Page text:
Just to assert that we could understand something from any possible directions. As long as we use consistency, then we can use it to deepening and widen our understanding.

From Philosophy to Science

But I want to reiterate here that with the deepening understanding of the action and reaction, there is one thing that is consistent, namely that the reaction and action of various levels, asserted consequences.

And this understanding should conclude that when someone asks, is there any rights for animals? We can get into the basic understanding that the rights and obligations may be understood as: the action and reaction (just like when we try to understand the material in terms of the particle)

If we asked, for what reason our everyday behaviors may be approached in terms of particles, or discussed in terms of action and reaction, or of other fundamental aspect, which is difficult and it feels strange to be understood by us (when compared with the use of language in our lives)?

  • It's to find the consistency of a behavior that is less obvious to understand. Because may be we couldn't see a clear distinction on the events from the level of everyday life. That is why we are dealing with fundamental level of understanding.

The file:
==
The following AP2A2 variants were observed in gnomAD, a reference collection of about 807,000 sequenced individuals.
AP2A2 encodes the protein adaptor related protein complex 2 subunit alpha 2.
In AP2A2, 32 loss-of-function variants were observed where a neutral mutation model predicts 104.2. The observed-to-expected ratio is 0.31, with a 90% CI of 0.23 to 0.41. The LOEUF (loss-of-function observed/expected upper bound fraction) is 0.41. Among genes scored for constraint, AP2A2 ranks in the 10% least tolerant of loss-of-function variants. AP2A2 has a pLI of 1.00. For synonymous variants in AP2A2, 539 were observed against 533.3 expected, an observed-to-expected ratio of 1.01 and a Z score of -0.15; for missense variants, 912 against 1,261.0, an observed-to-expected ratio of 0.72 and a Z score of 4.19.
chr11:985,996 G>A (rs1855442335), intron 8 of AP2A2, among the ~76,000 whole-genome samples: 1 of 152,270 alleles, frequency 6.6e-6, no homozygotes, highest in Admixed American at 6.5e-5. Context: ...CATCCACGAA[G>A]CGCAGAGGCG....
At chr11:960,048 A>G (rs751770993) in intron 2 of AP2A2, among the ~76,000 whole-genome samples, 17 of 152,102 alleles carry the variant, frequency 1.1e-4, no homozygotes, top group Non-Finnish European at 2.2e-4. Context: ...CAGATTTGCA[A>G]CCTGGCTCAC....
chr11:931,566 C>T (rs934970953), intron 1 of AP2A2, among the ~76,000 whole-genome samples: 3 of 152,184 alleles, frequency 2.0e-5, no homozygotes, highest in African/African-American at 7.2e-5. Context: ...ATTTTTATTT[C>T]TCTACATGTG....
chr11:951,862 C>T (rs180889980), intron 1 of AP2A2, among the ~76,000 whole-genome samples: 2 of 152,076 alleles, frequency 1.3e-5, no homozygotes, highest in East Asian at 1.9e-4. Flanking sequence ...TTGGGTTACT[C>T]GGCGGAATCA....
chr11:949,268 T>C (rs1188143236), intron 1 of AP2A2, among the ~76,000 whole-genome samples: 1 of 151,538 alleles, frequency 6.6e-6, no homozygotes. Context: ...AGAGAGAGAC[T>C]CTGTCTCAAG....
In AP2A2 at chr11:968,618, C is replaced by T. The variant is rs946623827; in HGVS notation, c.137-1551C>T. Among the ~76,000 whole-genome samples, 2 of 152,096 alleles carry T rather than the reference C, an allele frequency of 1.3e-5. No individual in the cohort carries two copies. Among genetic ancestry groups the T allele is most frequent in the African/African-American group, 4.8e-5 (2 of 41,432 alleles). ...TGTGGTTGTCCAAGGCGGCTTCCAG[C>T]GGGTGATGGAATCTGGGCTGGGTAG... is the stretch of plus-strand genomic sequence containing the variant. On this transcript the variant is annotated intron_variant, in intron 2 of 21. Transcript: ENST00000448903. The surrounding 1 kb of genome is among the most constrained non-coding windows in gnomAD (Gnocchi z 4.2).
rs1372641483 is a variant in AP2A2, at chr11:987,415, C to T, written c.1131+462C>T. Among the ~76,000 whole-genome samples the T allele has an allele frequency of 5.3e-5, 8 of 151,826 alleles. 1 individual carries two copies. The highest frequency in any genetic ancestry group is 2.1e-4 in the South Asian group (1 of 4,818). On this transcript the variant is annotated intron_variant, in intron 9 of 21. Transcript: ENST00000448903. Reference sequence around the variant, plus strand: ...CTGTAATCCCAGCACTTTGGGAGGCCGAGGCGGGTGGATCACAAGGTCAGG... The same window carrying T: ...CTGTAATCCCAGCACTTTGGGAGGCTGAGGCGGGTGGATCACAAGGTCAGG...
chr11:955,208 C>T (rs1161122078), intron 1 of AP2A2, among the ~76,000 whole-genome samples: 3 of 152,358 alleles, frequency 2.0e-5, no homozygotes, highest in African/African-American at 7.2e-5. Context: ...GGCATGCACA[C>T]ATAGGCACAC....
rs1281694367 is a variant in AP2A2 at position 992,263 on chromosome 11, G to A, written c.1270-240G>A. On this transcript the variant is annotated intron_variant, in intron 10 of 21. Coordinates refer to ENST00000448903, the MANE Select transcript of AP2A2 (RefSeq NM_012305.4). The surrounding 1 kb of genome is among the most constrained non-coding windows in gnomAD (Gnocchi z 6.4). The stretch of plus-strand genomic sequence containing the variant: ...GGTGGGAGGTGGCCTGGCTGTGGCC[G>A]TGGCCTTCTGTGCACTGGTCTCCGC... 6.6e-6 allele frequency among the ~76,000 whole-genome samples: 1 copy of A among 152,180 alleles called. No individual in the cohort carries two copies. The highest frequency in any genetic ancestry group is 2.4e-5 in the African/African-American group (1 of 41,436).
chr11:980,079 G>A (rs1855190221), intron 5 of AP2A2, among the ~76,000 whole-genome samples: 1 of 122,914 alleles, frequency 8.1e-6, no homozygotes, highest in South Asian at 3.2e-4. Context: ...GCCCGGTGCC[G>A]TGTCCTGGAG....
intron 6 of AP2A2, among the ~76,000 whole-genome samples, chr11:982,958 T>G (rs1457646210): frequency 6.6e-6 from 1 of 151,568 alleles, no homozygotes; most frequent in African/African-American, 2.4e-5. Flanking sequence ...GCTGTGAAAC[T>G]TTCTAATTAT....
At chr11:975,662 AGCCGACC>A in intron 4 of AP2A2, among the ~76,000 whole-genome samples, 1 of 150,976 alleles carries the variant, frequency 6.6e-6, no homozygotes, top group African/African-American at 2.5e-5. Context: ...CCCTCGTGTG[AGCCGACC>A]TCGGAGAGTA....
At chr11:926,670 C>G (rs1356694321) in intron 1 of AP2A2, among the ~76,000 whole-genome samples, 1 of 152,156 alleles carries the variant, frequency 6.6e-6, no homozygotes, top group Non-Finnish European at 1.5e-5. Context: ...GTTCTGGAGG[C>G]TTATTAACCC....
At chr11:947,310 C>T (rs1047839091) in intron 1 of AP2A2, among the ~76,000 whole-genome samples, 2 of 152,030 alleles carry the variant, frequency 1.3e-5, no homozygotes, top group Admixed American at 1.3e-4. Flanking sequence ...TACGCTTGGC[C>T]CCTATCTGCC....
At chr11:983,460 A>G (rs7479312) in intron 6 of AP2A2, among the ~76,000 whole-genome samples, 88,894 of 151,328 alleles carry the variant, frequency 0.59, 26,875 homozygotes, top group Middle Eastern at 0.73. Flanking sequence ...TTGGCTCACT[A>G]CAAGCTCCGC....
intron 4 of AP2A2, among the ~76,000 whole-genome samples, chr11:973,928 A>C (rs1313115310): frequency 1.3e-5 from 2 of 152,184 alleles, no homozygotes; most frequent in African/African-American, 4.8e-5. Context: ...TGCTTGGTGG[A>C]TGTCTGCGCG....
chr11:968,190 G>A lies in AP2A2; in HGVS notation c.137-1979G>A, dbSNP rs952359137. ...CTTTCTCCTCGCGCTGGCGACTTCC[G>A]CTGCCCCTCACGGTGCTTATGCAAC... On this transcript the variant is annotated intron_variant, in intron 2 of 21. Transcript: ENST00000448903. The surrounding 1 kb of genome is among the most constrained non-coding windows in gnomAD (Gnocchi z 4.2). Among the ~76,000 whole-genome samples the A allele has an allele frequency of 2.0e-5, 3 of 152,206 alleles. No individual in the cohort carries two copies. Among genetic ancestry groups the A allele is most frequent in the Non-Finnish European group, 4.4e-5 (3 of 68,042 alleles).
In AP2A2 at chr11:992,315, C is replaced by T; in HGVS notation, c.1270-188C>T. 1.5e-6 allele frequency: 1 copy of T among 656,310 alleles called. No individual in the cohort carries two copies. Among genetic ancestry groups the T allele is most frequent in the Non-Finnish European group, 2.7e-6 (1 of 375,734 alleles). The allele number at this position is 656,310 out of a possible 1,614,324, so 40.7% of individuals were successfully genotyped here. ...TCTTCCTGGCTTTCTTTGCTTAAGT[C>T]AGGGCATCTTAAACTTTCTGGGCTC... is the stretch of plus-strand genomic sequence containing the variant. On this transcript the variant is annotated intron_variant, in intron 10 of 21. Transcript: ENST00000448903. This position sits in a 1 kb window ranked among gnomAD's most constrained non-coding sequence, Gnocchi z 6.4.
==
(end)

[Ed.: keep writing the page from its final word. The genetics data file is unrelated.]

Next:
But understanding at fundamental level (such as: law at the particle level, action and reaction law of physics) can not be applied easily (irrelevantly), such as "hit the wall, the wall will give a reaction, and the wall has the rights to defend itself", but it must be interpreted as "the wall has the opposite reaction (defend), which is indicate there is reaction and action. Rights on the wall according to 3rd law of motion from Newton can be interpreted as a reaction. Just like actions and reactions from animal and human.

  • And once we find out where lies the consistency, here we can learn, how far this basic understanding can be pulled back to the level of human life, to explain how humans should behave (the appropriate fields for this is "Philosophy of science").

    Once we determine (find out where lies the consistency) that the consistency of the rights and obligations in a fundamental level can be considered as a reaction and the action, further, here we can learn how we can pulled back this understanding to the level of human life (everyday life). It's philosophy of science)

    It can be concluded that:

    • P -> Q (If there are rights and obligations, then, there are actions and reactions)

    All the rights and obligations are always dealing with relevant actions and reactions.

    • Q -> R (If there are actions and reactions, then, there are consequences)